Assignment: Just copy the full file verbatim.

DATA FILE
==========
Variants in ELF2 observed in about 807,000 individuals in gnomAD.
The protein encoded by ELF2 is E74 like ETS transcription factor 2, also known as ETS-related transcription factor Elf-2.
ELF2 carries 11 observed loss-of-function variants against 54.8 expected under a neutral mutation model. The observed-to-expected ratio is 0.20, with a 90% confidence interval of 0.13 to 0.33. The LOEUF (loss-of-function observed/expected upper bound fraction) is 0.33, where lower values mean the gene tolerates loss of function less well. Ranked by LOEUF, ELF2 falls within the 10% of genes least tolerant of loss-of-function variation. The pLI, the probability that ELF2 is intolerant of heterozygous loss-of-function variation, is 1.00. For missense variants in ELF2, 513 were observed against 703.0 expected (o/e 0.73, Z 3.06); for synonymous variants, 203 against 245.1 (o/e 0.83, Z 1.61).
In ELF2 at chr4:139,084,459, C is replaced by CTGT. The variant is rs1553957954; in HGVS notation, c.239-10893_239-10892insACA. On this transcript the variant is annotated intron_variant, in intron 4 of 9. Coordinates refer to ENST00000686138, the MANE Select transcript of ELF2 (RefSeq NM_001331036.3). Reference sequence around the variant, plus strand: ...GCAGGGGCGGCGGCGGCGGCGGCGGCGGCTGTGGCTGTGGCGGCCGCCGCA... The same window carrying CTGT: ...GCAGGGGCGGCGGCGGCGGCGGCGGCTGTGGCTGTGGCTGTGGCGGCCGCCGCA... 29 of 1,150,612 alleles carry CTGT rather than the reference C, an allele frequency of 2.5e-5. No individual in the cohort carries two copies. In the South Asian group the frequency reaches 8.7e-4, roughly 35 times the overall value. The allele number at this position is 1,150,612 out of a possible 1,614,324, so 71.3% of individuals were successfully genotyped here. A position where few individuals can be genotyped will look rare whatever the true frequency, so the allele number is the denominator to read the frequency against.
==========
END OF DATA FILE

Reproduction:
Variants in ELF2 observed in about 807,000 individuals in gnomAD.
The protein encoded by ELF2 is E74 like ETS transcription factor 2, also known as ETS-related transcription factor Elf-2.
ELF2 carries 11 observed loss-of-function variants against 54.8 expected under a neutral mutation model. The observed-to-expected ratio is 0.20, with a 90% confidence interval of 0.13 to 0.33. The LOEUF (loss-of-function observed/expected upper bound fraction) is 0.33, where lower values mean the gene tolerates loss of function less well. Ranked by LOEUF, ELF2 falls within the 10% of genes least tolerant of loss-of-function variation. The pLI, the probability that ELF2 is intolerant of heterozygous loss-of-function variation, is 1.00. For missense variants in ELF2, 513 were observed against 703.0 expected (o/e 0.73, Z 3.06); for synonymous variants, 203 against 245.1 (o/e 0.83, Z 1.61).
In ELF2 at chr4:139,084,459, C is replaced by CTGT. The variant is rs1553957954; in HGVS notation, c.239-10893_239-10892insACA. On this transcript the variant is annotated intron_variant, in intron 4 of 9. Coordinates refer to ENST00000686138, the MANE Select transcript of ELF2 (RefSeq NM_001331036.3). Reference sequence around the variant, plus strand: ...GCAGGGGCGGCGGCGGCGGCGGCGGCGGCTGTGGCTGTGGCGGCCGCCGCA... The same window carrying CTGT: ...GCAGGGGCGGCGGCGGCGGCGGCGGCTGTGGCTGTGGCTGTGGCGGCCGCCGCA... 29 of 1,150,612 alleles carry CTGT rather than the reference C, an allele frequency of 2.5e-5. No individual in the cohort carries two copies. In the South Asian group the frequency reaches 8.7e-4, roughly 35 times the overall value. The allele number at this position is 1,150,612 out of a possible 1,614,324, so 71.3% of individuals were successfully genotyped here. A position where few individuals can be genotyped will look rare whatever the true frequency, so the allele number is the denominator to read the frequency against.